Modeling Wars

Jim   Sinur
Jim Sinur VP and Research Fellow, Aragon Research Read Author Bio || Read All Articles by Jim Sinur

While we might all agree there are great benefits to modeling processes, decisions, goals, or data, there are major disagreements on modeling methods, standards, and the object that is the most important to model.  Let's examine the areas of friction in and around modeling.  I've identified five areas of friction, but I imagine there are more issues that are lurking below the surface, like 'there is only data' or 'there are only rules'.

Model the Logical or Physical

A common argument often revolves over modeling the target logical model instead of the physical implementation model as the former represents the pure need and would include things like operational manuals skipped by the implementer.  The implementation folks usually argue that the logical model is eventually not reality and synchronizing both is an impossible task.  Some organizations use the logical model as a specification and throw the logical away as soon as the physical model emerges.  Those who believe in rapid innovation say create the implementation quickly and fail fast.  I prefer to do a rough logical model that includes operations manuals and iterate to completion.

Model to the Standards or Not

Many folks believe in modeling standards and say that standard modeling makes training, communicating, and attracting instant contributors from outside the organization easier. There is also a benefit from moving models around from one vendor to another without nasty conversions when switching to another platform already inside the organization or even a new one.  There are those who say the standards are difficult to work with and miss key nuances that make a difference.  Why use clunky standards when they just slow things down?  I prefer ease of development over standards, but I get tempted to iterate rather than model to perfection.

Model Cases over Processes

There is a brewing argument that the Case Management Modeling Notation (CMMN) is very close to Business Process Management Notation (BPMN) and could be easily extended to support cases.  If BPMN would include goal modeling, I would agree because cases work to milestone goals and flow can take a back seat.

Model Decisions over Processes

There is also a growing debate whether processes embed decisions or if decisions are on top since they determine the tasks to perform.  I think you need both for very complex processes and decisioning.  They should work together, but Decision Modeling Notation (DMN) is the new kid on the block and doesn't get the respect it deserves.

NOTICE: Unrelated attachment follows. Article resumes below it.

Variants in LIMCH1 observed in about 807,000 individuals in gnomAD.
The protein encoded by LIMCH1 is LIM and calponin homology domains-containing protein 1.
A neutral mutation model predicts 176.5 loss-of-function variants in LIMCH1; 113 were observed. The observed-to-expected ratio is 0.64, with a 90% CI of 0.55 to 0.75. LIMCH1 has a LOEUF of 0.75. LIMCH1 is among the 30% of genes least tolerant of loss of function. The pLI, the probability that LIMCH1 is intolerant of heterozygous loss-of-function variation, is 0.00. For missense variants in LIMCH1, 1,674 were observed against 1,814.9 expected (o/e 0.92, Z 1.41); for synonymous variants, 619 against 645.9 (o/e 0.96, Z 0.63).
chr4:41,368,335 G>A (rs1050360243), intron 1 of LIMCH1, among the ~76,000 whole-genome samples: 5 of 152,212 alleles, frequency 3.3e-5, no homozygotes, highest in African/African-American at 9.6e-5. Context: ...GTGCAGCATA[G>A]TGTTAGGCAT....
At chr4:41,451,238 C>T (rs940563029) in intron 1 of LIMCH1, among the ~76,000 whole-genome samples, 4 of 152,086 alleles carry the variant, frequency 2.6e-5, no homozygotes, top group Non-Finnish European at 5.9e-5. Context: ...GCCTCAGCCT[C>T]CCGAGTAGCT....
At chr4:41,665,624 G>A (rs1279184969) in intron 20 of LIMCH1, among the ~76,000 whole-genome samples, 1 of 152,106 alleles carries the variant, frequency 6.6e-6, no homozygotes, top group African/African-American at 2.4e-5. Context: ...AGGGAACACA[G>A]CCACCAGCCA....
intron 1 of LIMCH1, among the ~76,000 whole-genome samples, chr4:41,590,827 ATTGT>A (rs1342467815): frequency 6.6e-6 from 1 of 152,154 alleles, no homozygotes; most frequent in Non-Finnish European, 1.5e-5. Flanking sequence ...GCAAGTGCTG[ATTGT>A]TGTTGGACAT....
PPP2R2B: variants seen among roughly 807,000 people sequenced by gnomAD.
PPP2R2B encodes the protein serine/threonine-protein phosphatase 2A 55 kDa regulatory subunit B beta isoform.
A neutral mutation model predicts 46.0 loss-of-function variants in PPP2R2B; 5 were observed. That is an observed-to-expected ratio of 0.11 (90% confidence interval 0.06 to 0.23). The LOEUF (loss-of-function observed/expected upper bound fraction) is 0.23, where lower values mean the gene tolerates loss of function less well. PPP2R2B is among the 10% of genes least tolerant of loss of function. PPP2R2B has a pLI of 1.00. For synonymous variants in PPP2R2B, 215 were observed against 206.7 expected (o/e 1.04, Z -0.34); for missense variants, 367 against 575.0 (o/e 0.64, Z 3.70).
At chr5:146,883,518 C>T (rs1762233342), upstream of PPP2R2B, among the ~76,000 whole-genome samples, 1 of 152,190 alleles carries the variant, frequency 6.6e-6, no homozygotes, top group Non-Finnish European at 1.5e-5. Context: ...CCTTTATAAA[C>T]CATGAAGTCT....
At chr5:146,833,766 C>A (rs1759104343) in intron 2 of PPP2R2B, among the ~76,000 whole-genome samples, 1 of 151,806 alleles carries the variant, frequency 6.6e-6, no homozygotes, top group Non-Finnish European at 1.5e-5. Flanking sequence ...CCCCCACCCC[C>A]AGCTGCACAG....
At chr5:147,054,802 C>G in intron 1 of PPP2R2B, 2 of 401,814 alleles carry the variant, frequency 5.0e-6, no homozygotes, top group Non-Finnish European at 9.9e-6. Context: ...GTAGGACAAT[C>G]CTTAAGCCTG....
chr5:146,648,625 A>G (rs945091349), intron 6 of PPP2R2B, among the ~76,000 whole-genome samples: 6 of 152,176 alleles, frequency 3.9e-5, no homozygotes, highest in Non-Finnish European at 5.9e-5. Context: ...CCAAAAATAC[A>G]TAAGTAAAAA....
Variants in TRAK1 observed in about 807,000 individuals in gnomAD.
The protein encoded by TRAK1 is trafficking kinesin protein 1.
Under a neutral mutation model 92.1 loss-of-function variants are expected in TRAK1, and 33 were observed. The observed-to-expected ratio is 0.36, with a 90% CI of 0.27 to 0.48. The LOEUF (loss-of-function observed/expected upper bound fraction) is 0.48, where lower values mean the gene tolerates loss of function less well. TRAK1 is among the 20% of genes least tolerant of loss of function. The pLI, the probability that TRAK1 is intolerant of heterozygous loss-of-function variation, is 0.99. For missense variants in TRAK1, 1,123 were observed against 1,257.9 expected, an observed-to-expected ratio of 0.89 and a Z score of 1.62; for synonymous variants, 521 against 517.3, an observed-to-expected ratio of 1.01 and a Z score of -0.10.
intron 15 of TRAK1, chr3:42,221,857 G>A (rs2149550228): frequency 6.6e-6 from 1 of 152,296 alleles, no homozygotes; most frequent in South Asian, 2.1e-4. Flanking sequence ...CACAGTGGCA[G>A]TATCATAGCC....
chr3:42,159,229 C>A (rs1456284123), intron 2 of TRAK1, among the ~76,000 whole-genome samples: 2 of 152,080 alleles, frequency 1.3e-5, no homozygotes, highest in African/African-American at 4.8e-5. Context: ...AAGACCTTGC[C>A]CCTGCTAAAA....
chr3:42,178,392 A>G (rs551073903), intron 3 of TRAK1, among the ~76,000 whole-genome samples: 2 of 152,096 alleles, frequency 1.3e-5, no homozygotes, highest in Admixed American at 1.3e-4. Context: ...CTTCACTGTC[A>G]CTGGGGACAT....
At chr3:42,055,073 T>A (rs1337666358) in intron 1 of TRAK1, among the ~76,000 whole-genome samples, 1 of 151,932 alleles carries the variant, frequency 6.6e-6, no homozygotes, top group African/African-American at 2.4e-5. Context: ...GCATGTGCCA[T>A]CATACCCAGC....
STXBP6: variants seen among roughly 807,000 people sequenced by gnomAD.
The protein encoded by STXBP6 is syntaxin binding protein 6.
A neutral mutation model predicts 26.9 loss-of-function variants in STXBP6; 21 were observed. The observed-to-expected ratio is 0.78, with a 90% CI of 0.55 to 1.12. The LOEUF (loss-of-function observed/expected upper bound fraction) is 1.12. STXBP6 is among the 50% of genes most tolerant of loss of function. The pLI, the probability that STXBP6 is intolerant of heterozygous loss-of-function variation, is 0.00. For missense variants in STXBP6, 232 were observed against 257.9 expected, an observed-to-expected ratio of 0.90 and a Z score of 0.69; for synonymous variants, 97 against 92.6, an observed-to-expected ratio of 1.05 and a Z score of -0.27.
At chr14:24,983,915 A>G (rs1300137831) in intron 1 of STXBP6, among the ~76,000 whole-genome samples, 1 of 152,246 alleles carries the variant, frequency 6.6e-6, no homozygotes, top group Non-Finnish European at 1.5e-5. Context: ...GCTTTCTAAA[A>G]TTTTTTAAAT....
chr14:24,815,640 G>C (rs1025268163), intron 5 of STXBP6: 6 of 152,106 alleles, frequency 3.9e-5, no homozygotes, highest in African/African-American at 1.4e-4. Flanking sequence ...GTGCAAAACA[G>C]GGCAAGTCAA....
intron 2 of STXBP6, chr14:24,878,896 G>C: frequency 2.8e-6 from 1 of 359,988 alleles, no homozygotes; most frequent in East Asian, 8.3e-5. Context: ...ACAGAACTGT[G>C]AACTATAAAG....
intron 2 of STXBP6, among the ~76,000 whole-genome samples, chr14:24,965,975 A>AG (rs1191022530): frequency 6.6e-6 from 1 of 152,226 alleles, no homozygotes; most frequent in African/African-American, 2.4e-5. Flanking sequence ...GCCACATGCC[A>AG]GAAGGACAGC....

Model Goals over Processes

The real odd man out is goal modeling since processes and decisions used to be pretty rigid and unchanging.  As both decisions and rules become more fluid, goal modeling makes more sense.  The goals remain and the goal target could change, but the path of decisions and process tasks can vary greatly.  Goal and constraint modeling should get more attention than it does.  Just sayin'.

Net; Net

Modeling is great, but it is full of religious wars.  Whatever models you embrace, decide at the front of the project and stick to your selection unless it looks like it needs major adjustment.  This is unlikely as fluid processes/cases are usually known up front and approaches can be selected to support them.

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Standard citation for this article:

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Jim Sinur, "Modeling Wars" Business Rules Journal, Vol. 17, No. 12, (Dec. 2016)

About our Contributor:

Jim   Sinur
Jim Sinur VP and Research Fellow, Aragon Research

Jim Sinur is an independent consultant and thought leader in applying business process management (BPM) to innovative and intelligent business operations (IBO). His research and areas of personal experience focus on business process innovation, business modeling, business process management technology (BPMT), processes collaboration for knowledge workers, process intelligence/optimization, business policy/rule management (BRMS), and leveraging business applications in processes. Mr. Sinur was critical in creating the first Hype Cycle and Maturity Model, which have become a hallmark of Gartner analysis, along with the Magic Quadrant. He has been active in the rules, data and computing communities, helping shape direction based on practical experience. Mr. Sinur has vertical industry experience on the investment and operational sides of the insurance and financial services.

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